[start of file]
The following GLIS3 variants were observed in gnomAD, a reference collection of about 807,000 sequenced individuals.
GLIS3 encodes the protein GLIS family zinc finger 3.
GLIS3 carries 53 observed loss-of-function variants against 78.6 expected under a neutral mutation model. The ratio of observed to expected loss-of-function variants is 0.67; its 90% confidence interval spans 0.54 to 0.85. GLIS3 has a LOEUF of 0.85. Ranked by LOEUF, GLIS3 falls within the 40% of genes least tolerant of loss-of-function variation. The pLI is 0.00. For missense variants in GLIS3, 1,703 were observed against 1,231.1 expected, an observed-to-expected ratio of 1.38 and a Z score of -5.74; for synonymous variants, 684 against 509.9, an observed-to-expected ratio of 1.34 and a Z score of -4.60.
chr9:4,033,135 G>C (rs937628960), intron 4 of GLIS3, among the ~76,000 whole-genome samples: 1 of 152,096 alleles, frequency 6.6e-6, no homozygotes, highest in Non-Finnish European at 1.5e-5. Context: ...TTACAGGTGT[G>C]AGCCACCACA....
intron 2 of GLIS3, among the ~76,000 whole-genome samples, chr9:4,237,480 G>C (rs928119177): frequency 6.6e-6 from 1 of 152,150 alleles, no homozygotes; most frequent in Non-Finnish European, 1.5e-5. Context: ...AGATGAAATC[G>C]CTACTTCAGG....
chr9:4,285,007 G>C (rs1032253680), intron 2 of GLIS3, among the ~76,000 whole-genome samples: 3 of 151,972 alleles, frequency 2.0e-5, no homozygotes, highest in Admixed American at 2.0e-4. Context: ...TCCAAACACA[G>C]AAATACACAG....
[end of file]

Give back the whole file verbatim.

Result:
The following GLIS3 variants were observed in gnomAD, a reference collection of about 807,000 sequenced individuals.
GLIS3 encodes the protein GLIS family zinc finger 3.
GLIS3 carries 53 observed loss-of-function variants against 78.6 expected under a neutral mutation model. The ratio of observed to expected loss-of-function variants is 0.67; its 90% confidence interval spans 0.54 to 0.85. GLIS3 has a LOEUF of 0.85. Ranked by LOEUF, GLIS3 falls within the 40% of genes least tolerant of loss-of-function variation. The pLI is 0.00. For missense variants in GLIS3, 1,703 were observed against 1,231.1 expected, an observed-to-expected ratio of 1.38 and a Z score of -5.74; for synonymous variants, 684 against 509.9, an observed-to-expected ratio of 1.34 and a Z score of -4.60.
chr9:4,033,135 G>C (rs937628960), intron 4 of GLIS3, among the ~76,000 whole-genome samples: 1 of 152,096 alleles, frequency 6.6e-6, no homozygotes, highest in Non-Finnish European at 1.5e-5. Context: ...TTACAGGTGT[G>C]AGCCACCACA....
intron 2 of GLIS3, among the ~76,000 whole-genome samples, chr9:4,237,480 G>C (rs928119177): frequency 6.6e-6 from 1 of 152,150 alleles, no homozygotes; most frequent in Non-Finnish European, 1.5e-5. Context: ...AGATGAAATC[G>C]CTACTTCAGG....
chr9:4,285,007 G>C (rs1032253680), intron 2 of GLIS3, among the ~76,000 whole-genome samples: 3 of 151,972 alleles, frequency 2.0e-5, no homozygotes, highest in Admixed American at 2.0e-4. Context: ...TCCAAACACA[G>C]AAATACACAG....